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Effective recruitment – a DIY guide for small business

Everywhere I go I find small business proprietors reluctant to hire staff, even when they need someone. Working long hours, they hold back their business’s growth because they’re scared of making a mistake.

Either they’ve been there before, or they know someone else who has. They know the price of training someone who doesn’t work out, and how you can’t terminate someone without a legal battle. The system, it seems, is against them, making it easier to have a bad performer than to terminate and start again! Most of all, they think it’s easier to wait until the perfect person happens along, an easy choice if you’re that lucky!

Well guess what? They’re wrong. What is missing from their small business world is some good practice in hiring, inducting, training, motivating, performance management, recognition and re-ward.

You can’t remove all risk, but you can reduce it, without costly HR consultants.

Let’s start at the start: the decision to hire. Be sure you want someone, you know what you want them to do, and that you are able to delegate to someone else. It won’t work unless you can let something go and trust the employee.

Once you are clear, document the job. Be clear about specific duties, but importantly find measurable outcomes and document those too. In other words: determine how you will know if this person is any good? Be clear about reporting lines and limits of authority.

If you advertise a job be clear about what the job is; stress the most appealing aspects; be clear about the qualities, competencies, experience and qualifications; spell out “what’s in it for them” - prospects, pay etc; and, finally, be clear about how to apply.

Take the phone calls, receive the applications but don’t waste time interviewing everyone. Ask ‘filtering’ questions to avoid wasting time on the phone. People appreciate a straight answer, they are often applying for other jobs. When the bulk of the calls and written applications are in, review your notes and thoughts to highlight probables. Be tough with yourself but move quickly to interview the best applicants - before they get jobs elsewhere. Time is the big enemy.

Now to the interviews. Look at basics like appearance, speech, manners, confidence and attitude. Do they seem to want the job? Yes or no answers tell you nothing about an individual, so ask open questions, so they can talk about how they work, make decisions and react to things. Be sure to make time to answer their questions. Tell them you’ll make a quick decision. If you really like someone ask them if you can do reference checks before they leave.

Make sure you do reference checks. Treat it like a second interview. Probe a bit, find out how they behaved on the job, how good their decisions were, how they responded to problems, and why they left. If the referee is a ‘set-up’ they often give it away under such scrutiny.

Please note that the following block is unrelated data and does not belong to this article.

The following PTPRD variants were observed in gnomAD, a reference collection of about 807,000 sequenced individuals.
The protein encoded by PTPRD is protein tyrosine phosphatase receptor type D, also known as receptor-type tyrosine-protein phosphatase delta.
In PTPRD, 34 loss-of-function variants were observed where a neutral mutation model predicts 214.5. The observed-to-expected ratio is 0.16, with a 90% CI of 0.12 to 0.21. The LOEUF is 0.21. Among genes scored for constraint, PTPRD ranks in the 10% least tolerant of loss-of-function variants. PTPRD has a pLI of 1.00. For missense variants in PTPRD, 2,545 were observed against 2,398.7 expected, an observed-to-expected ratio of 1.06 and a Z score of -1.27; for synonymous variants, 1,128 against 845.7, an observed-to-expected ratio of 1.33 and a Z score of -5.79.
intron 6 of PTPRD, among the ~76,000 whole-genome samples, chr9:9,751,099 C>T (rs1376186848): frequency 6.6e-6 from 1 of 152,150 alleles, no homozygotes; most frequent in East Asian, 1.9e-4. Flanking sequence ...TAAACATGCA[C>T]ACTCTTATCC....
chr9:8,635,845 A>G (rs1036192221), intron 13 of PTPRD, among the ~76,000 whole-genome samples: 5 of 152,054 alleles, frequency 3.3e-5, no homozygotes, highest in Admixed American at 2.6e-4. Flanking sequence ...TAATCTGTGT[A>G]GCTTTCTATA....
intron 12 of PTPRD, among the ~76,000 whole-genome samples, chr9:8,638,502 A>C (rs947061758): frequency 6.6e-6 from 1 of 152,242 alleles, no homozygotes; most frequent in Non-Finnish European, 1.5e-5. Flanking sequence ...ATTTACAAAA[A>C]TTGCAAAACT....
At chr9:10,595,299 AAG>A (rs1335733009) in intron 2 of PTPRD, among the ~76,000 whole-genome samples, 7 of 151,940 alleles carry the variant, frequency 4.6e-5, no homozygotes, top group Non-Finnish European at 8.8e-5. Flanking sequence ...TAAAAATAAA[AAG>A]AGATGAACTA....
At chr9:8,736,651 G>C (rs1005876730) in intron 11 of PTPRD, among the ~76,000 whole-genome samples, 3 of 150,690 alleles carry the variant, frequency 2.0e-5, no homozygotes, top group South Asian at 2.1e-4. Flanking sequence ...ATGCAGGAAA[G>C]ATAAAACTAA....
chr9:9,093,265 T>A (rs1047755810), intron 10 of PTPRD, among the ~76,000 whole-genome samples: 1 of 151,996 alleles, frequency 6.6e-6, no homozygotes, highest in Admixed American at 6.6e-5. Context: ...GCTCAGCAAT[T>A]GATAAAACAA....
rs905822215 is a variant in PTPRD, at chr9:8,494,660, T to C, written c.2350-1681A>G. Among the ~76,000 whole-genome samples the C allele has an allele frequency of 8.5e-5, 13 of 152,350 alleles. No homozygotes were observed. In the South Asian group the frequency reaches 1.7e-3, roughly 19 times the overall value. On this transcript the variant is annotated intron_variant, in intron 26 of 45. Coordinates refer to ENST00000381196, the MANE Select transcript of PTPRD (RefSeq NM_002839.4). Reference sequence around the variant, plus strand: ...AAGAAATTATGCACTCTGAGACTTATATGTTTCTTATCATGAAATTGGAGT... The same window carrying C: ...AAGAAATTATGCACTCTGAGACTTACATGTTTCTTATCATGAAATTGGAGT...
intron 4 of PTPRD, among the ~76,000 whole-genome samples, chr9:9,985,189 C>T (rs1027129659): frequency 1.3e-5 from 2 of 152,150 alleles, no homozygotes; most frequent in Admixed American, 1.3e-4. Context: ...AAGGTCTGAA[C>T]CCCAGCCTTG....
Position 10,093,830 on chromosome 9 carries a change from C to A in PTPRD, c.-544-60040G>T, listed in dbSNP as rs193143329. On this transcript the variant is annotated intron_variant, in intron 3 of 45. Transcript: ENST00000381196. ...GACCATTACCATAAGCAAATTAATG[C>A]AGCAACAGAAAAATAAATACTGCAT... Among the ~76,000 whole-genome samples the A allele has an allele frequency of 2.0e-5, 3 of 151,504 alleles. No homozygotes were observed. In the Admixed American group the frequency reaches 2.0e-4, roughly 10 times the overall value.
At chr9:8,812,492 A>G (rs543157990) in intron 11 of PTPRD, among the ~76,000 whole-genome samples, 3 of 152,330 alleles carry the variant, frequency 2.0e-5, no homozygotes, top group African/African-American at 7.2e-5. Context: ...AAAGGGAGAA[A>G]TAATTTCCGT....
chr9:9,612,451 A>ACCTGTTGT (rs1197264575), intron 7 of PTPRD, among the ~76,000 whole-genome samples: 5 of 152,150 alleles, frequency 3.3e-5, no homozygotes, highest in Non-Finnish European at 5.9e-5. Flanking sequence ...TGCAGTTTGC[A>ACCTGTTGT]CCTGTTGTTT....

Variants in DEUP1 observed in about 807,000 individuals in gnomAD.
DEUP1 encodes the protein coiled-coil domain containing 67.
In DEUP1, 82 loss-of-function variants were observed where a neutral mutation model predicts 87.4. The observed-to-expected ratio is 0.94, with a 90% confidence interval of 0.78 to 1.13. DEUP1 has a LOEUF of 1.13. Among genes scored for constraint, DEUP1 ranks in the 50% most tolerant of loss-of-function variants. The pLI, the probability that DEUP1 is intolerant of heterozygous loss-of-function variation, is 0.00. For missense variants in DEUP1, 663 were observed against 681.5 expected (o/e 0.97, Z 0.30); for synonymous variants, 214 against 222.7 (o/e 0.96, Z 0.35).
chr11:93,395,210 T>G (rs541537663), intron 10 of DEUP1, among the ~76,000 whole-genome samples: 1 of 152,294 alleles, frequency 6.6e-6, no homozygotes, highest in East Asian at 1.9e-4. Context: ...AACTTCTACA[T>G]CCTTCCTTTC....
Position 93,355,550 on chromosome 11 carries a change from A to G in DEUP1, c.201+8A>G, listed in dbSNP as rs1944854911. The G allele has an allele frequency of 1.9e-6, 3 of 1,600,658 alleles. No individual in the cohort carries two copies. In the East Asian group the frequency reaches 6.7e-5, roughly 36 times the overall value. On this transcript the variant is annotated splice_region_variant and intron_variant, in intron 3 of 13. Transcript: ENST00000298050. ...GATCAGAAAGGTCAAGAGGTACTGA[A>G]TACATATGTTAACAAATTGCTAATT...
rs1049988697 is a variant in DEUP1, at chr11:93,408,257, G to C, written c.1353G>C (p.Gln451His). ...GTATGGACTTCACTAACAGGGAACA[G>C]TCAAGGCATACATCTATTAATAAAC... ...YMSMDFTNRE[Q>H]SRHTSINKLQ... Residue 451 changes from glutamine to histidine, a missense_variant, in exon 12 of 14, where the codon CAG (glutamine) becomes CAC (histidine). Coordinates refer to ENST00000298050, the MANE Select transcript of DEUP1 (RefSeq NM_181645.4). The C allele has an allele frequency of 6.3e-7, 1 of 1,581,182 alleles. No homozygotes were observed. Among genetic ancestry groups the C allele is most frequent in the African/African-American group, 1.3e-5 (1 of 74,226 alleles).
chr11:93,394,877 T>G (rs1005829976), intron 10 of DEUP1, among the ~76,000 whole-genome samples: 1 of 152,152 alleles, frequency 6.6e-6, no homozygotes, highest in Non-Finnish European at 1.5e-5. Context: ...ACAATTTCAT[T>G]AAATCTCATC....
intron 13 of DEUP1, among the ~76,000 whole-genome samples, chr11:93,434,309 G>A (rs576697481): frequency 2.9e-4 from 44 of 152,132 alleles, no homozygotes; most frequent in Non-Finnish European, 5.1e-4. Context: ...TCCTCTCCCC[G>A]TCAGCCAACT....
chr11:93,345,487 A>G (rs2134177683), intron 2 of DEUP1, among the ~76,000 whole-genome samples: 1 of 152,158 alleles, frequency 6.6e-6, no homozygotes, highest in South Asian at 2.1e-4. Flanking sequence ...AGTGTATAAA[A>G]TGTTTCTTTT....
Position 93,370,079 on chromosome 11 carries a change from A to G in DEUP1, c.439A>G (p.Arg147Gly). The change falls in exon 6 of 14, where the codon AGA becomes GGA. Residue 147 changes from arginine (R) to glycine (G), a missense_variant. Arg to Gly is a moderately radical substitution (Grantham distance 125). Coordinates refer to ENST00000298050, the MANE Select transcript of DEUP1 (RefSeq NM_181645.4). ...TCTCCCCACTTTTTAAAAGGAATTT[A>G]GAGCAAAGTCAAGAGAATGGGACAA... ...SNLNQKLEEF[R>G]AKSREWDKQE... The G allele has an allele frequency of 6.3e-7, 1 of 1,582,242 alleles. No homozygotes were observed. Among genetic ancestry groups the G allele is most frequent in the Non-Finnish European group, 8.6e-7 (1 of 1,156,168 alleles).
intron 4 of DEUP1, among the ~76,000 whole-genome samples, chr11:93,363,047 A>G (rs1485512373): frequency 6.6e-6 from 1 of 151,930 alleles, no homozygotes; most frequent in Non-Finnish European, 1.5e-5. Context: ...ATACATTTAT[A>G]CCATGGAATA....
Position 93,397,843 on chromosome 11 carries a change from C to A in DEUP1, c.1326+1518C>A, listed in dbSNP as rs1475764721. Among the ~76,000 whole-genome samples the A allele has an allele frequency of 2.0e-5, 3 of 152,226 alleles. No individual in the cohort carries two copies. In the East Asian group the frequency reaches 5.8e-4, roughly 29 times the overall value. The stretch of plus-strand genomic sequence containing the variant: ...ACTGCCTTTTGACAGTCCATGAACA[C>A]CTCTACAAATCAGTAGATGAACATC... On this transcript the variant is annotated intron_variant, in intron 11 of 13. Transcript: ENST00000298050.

Make the offer and set a start date. New employees should have a letter of offer clearly stating terms and conditions, expected outcomes, reporting relationships, any probationary period (a good idea!) and an attached Job Description. Get them to give you a signed acceptance.

Day one. Be ready to induct your new employee. Ensure they have what they need for the job (including business cards, if required). Show them around, introduce them to the staff and ensure someone takes them under their wing for the first week or so. They need to feel comfortable about the office culture, and being able to make a few small mistakes.

Ensure training is provided straight away, monitor progress, note good work, and use mistakes as training opportunities. Make your business a pleasant place to work. When problems do arise communicate, face the issues and suggest a solution.

What if it goes wrong? If you have hired and managed the employee in line with the advice above, then take a deep breath and plan your strategy.

Document the reasons clearly, give the employee a chance to respond, and be ready to discharge all administrative matters on the spot, including termination pay, collection of keys, ID cards etc.

Document all meetings (including date, time and place), note their reactions and defence they have.

If you know you’re heading for difficult times, have a witness present, especially at the time of termination.

Always sign your notes. Keep your meetings formal, free of anger or remorse, remain neutral. Don’t use public places for such meetings.

Don’t forget you do have the right to terminate someone who fails to meet the expectations of the position, or who has committed a misdemeanour. You simply must give the employee natural justice. Be clear about your expectations from the beginning, and demonstrate that every effort was made to give them the best chance to do the job well through induction, training, reviews, and warnings.

Follow these simple steps, put that extra bit of time and effort into hiring, and you’ll minimise the risks of failure and the need for dismissal. You’ll also increase the chances of keeping your good employees.

Remember that good workers like to use their initiative, to be recognised, to be trusted, and to have an employer they can respect.

* Richard Hazlewood is a director of exec.search Pty Ltd. He can be contacted on 9284 1495 or exec_searchrh@yahoo.com

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